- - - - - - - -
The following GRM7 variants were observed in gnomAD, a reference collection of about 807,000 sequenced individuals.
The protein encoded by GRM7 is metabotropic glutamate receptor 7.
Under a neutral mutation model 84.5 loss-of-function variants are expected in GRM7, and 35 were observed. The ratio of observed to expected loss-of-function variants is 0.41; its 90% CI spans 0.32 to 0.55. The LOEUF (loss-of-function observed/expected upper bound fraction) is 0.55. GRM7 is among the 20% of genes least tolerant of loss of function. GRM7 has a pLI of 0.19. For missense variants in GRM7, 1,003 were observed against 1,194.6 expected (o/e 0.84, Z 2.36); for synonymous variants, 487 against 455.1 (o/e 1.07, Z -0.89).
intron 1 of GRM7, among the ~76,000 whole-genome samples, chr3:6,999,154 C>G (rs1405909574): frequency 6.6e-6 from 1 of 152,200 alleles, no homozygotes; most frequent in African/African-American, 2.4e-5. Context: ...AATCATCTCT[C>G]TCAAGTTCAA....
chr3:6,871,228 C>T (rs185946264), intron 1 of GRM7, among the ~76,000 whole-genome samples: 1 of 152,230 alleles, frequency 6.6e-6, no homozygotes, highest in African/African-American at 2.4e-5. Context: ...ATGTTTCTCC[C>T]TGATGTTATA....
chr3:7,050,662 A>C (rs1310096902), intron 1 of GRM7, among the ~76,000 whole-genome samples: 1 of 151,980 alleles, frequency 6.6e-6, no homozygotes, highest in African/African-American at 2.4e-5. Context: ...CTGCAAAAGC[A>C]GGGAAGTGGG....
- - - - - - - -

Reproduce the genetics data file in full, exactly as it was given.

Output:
The following GRM7 variants were observed in gnomAD, a reference collection of about 807,000 sequenced individuals.
The protein encoded by GRM7 is metabotropic glutamate receptor 7.
Under a neutral mutation model 84.5 loss-of-function variants are expected in GRM7, and 35 were observed. The ratio of observed to expected loss-of-function variants is 0.41; its 90% CI spans 0.32 to 0.55. The LOEUF (loss-of-function observed/expected upper bound fraction) is 0.55. GRM7 is among the 20% of genes least tolerant of loss of function. GRM7 has a pLI of 0.19. For missense variants in GRM7, 1,003 were observed against 1,194.6 expected (o/e 0.84, Z 2.36); for synonymous variants, 487 against 455.1 (o/e 1.07, Z -0.89).
intron 1 of GRM7, among the ~76,000 whole-genome samples, chr3:6,999,154 C>G (rs1405909574): frequency 6.6e-6 from 1 of 152,200 alleles, no homozygotes; most frequent in African/African-American, 2.4e-5. Context: ...AATCATCTCT[C>G]TCAAGTTCAA....
chr3:6,871,228 C>T (rs185946264), intron 1 of GRM7, among the ~76,000 whole-genome samples: 1 of 152,230 alleles, frequency 6.6e-6, no homozygotes, highest in African/African-American at 2.4e-5. Context: ...ATGTTTCTCC[C>T]TGATGTTATA....
chr3:7,050,662 A>C (rs1310096902), intron 1 of GRM7, among the ~76,000 whole-genome samples: 1 of 151,980 alleles, frequency 6.6e-6, no homozygotes, highest in African/African-American at 2.4e-5. Context: ...CTGCAAAAGC[A>C]GGGAAGTGGG....